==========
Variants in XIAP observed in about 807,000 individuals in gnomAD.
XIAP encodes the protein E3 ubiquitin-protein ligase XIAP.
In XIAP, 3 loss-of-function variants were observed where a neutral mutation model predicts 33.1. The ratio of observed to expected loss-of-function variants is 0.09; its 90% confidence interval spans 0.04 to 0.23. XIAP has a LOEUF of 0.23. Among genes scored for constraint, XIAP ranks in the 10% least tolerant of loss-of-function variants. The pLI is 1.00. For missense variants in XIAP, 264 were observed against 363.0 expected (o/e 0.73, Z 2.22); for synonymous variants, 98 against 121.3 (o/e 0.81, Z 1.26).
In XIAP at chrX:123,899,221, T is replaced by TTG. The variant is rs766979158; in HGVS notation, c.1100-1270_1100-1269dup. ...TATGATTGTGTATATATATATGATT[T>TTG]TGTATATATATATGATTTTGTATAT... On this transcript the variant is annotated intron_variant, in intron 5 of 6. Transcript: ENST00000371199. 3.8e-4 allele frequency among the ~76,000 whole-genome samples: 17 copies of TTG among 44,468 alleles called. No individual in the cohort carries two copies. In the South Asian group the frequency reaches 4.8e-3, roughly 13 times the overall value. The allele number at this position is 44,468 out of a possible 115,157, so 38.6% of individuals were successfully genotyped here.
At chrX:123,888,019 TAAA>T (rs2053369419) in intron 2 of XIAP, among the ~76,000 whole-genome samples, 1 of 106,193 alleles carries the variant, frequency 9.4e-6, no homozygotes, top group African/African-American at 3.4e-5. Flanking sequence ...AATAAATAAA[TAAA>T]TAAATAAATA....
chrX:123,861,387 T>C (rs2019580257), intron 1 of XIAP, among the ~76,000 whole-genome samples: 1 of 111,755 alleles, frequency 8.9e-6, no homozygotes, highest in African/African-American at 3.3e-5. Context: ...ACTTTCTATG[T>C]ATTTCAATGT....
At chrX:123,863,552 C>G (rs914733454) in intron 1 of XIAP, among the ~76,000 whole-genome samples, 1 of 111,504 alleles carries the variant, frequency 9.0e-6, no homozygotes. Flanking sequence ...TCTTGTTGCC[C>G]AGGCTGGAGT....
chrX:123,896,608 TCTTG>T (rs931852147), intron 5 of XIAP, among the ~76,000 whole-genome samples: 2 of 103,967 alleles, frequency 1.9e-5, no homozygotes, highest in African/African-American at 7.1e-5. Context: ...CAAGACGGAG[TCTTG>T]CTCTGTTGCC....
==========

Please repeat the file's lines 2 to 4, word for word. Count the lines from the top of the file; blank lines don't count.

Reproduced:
XIAP encodes the protein E3 ubiquitin-protein ligase XIAP.
In XIAP, 3 loss-of-function variants were observed where a neutral mutation model predicts 33.1. The ratio of observed to expected loss-of-function variants is 0.09; its 90% confidence interval spans 0.04 to 0.23. XIAP has a LOEUF of 0.23. Among genes scored for constraint, XIAP ranks in the 10% least tolerant of loss-of-function variants. The pLI is 1.00. For missense variants in XIAP, 264 were observed against 363.0 expected (o/e 0.73, Z 2.22); for synonymous variants, 98 against 121.3 (o/e 0.81, Z 1.26).
In XIAP at chrX:123,899,221, T is replaced by TTG. The variant is rs766979158; in HGVS notation, c.1100-1270_1100-1269dup. ...TATGATTGTGTATATATATATGATT[T>TTG]TGTATATATATATGATTTTGTATAT... On this transcript the variant is annotated intron_variant, in intron 5 of 6. Transcript: ENST00000371199. 3.8e-4 allele frequency among the ~76,000 whole-genome samples: 17 copies of TTG among 44,468 alleles called. No individual in the cohort carries two copies. In the South Asian group the frequency reaches 4.8e-3, roughly 13 times the overall value. The allele number at this position is 44,468 out of a possible 115,157, so 38.6% of individuals were successfully genotyped here.